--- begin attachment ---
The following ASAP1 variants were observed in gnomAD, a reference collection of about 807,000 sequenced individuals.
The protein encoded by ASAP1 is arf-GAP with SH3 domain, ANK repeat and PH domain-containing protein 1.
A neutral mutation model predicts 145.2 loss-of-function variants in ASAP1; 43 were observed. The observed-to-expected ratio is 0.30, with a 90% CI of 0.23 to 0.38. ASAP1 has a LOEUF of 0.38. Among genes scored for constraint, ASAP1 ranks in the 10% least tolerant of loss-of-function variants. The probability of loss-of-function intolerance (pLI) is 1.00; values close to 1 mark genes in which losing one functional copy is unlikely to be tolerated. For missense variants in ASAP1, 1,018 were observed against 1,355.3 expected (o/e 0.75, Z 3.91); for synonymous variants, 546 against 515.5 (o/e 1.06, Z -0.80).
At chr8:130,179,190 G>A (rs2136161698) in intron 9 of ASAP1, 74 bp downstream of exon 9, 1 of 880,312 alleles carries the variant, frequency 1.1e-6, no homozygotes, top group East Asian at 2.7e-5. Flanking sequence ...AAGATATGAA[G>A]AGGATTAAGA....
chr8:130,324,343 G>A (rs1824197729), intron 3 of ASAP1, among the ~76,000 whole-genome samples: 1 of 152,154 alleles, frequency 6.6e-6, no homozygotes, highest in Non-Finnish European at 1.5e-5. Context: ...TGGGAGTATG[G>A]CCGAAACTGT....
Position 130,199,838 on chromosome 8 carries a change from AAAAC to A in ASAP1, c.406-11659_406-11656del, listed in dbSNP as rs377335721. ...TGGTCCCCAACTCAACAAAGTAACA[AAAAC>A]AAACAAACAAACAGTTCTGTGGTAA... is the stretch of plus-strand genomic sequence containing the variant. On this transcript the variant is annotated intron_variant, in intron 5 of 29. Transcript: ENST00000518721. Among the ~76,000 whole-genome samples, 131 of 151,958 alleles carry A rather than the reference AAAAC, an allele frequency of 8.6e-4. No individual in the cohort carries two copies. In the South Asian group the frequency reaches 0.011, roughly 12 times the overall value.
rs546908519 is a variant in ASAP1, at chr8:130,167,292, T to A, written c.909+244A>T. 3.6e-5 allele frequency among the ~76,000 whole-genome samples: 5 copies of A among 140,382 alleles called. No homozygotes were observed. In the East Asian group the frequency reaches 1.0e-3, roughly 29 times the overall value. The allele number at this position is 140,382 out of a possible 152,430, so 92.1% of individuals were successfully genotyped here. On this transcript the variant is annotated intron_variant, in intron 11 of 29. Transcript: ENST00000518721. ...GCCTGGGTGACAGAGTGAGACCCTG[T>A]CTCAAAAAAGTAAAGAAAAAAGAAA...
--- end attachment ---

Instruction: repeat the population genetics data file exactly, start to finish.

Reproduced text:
The following ASAP1 variants were observed in gnomAD, a reference collection of about 807,000 sequenced individuals.
The protein encoded by ASAP1 is arf-GAP with SH3 domain, ANK repeat and PH domain-containing protein 1.
A neutral mutation model predicts 145.2 loss-of-function variants in ASAP1; 43 were observed. The observed-to-expected ratio is 0.30, with a 90% CI of 0.23 to 0.38. ASAP1 has a LOEUF of 0.38. Among genes scored for constraint, ASAP1 ranks in the 10% least tolerant of loss-of-function variants. The probability of loss-of-function intolerance (pLI) is 1.00; values close to 1 mark genes in which losing one functional copy is unlikely to be tolerated. For missense variants in ASAP1, 1,018 were observed against 1,355.3 expected (o/e 0.75, Z 3.91); for synonymous variants, 546 against 515.5 (o/e 1.06, Z -0.80).
At chr8:130,179,190 G>A (rs2136161698) in intron 9 of ASAP1, 74 bp downstream of exon 9, 1 of 880,312 alleles carries the variant, frequency 1.1e-6, no homozygotes, top group East Asian at 2.7e-5. Flanking sequence ...AAGATATGAA[G>A]AGGATTAAGA....
chr8:130,324,343 G>A (rs1824197729), intron 3 of ASAP1, among the ~76,000 whole-genome samples: 1 of 152,154 alleles, frequency 6.6e-6, no homozygotes, highest in Non-Finnish European at 1.5e-5. Context: ...TGGGAGTATG[G>A]CCGAAACTGT....
Position 130,199,838 on chromosome 8 carries a change from AAAAC to A in ASAP1, c.406-11659_406-11656del, listed in dbSNP as rs377335721. ...TGGTCCCCAACTCAACAAAGTAACA[AAAAC>A]AAACAAACAAACAGTTCTGTGGTAA... is the stretch of plus-strand genomic sequence containing the variant. On this transcript the variant is annotated intron_variant, in intron 5 of 29. Transcript: ENST00000518721. Among the ~76,000 whole-genome samples, 131 of 151,958 alleles carry A rather than the reference AAAAC, an allele frequency of 8.6e-4. No individual in the cohort carries two copies. In the South Asian group the frequency reaches 0.011, roughly 12 times the overall value.
rs546908519 is a variant in ASAP1, at chr8:130,167,292, T to A, written c.909+244A>T. 3.6e-5 allele frequency among the ~76,000 whole-genome samples: 5 copies of A among 140,382 alleles called. No homozygotes were observed. In the East Asian group the frequency reaches 1.0e-3, roughly 29 times the overall value. The allele number at this position is 140,382 out of a possible 152,430, so 92.1% of individuals were successfully genotyped here. On this transcript the variant is annotated intron_variant, in intron 11 of 29. Transcript: ENST00000518721. ...GCCTGGGTGACAGAGTGAGACCCTG[T>A]CTCAAAAAAGTAAAGAAAAAAGAAA...